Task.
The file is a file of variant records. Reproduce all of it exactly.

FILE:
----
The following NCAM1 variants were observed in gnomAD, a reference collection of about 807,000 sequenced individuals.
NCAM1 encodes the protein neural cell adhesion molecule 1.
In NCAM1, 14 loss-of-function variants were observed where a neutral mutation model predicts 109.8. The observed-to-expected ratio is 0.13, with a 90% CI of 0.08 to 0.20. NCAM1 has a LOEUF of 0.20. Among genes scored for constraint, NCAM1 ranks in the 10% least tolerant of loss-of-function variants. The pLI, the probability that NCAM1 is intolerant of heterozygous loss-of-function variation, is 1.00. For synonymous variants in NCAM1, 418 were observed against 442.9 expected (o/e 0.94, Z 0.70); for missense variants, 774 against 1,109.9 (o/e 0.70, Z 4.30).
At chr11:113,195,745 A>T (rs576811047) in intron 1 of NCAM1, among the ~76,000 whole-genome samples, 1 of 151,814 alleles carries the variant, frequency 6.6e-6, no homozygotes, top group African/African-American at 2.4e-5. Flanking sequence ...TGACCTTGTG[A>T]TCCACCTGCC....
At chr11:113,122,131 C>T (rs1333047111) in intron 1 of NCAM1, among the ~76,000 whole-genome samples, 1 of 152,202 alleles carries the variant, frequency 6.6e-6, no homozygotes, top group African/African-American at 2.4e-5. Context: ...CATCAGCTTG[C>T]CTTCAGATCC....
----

The following NCAM1 variants were observed in gnomAD, a reference collection of about 807,000 sequenced individuals.
NCAM1 encodes the protein neural cell adhesion molecule 1.
In NCAM1, 14 loss-of-function variants were observed where a neutral mutation model predicts 109.8. The observed-to-expected ratio is 0.13, with a 90% CI of 0.08 to 0.20. NCAM1 has a LOEUF of 0.20. Among genes scored for constraint, NCAM1 ranks in the 10% least tolerant of loss-of-function variants. The pLI, the probability that NCAM1 is intolerant of heterozygous loss-of-function variation, is 1.00. For synonymous variants in NCAM1, 418 were observed against 442.9 expected (o/e 0.94, Z 0.70); for missense variants, 774 against 1,109.9 (o/e 0.70, Z 4.30).
At chr11:113,195,745 A>T (rs576811047) in intron 1 of NCAM1, among the ~76,000 whole-genome samples, 1 of 151,814 alleles carries the variant, frequency 6.6e-6, no homozygotes, top group African/African-American at 2.4e-5. Flanking sequence ...TGACCTTGTG[A>T]TCCACCTGCC....
At chr11:113,122,131 C>T (rs1333047111) in intron 1 of NCAM1, among the ~76,000 whole-genome samples, 1 of 152,202 alleles carries the variant, frequency 6.6e-6, no homozygotes, top group African/African-American at 2.4e-5. Context: ...CATCAGCTTG[C>T]CTTCAGATCC....